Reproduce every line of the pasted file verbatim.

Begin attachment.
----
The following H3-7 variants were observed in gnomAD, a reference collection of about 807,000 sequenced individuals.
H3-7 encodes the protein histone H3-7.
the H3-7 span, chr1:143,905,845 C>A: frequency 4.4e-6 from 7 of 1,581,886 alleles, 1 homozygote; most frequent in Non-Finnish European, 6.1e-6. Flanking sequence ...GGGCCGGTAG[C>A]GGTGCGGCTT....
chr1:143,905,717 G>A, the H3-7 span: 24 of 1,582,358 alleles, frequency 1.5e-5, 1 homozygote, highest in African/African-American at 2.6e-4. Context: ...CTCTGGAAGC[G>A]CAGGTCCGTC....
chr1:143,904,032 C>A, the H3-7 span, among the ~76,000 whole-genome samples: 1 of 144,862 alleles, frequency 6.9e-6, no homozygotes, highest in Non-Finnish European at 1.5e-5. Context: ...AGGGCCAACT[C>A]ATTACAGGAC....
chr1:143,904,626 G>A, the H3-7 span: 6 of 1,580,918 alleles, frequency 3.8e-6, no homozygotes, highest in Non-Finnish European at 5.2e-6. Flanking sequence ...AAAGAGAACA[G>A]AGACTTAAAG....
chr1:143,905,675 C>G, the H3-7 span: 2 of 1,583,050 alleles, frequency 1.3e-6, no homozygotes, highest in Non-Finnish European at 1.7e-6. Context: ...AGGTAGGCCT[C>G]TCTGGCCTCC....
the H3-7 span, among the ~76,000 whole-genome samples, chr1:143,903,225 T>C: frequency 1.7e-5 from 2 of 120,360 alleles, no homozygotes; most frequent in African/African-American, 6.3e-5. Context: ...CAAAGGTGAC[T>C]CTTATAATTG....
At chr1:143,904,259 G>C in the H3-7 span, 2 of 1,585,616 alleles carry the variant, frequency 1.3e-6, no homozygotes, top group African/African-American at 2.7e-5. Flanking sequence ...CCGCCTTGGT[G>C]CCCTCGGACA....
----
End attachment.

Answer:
The following H3-7 variants were observed in gnomAD, a reference collection of about 807,000 sequenced individuals.
H3-7 encodes the protein histone H3-7.
the H3-7 span, chr1:143,905,845 C>A: frequency 4.4e-6 from 7 of 1,581,886 alleles, 1 homozygote; most frequent in Non-Finnish European, 6.1e-6. Flanking sequence ...GGGCCGGTAG[C>A]GGTGCGGCTT....
chr1:143,905,717 G>A, the H3-7 span: 24 of 1,582,358 alleles, frequency 1.5e-5, 1 homozygote, highest in African/African-American at 2.6e-4. Context: ...CTCTGGAAGC[G>A]CAGGTCCGTC....
chr1:143,904,032 C>A, the H3-7 span, among the ~76,000 whole-genome samples: 1 of 144,862 alleles, frequency 6.9e-6, no homozygotes, highest in Non-Finnish European at 1.5e-5. Context: ...AGGGCCAACT[C>A]ATTACAGGAC....
chr1:143,904,626 G>A, the H3-7 span: 6 of 1,580,918 alleles, frequency 3.8e-6, no homozygotes, highest in Non-Finnish European at 5.2e-6. Flanking sequence ...AAAGAGAACA[G>A]AGACTTAAAG....
chr1:143,905,675 C>G, the H3-7 span: 2 of 1,583,050 alleles, frequency 1.3e-6, no homozygotes, highest in Non-Finnish European at 1.7e-6. Context: ...AGGTAGGCCT[C>G]TCTGGCCTCC....
the H3-7 span, among the ~76,000 whole-genome samples, chr1:143,903,225 T>C: frequency 1.7e-5 from 2 of 120,360 alleles, no homozygotes; most frequent in African/African-American, 6.3e-5. Context: ...CAAAGGTGAC[T>C]CTTATAATTG....
At chr1:143,904,259 G>C in the H3-7 span, 2 of 1,585,616 alleles carry the variant, frequency 1.3e-6, no homozygotes, top group African/African-American at 2.7e-5. Flanking sequence ...CCGCCTTGGT[G>C]CCCTCGGACA....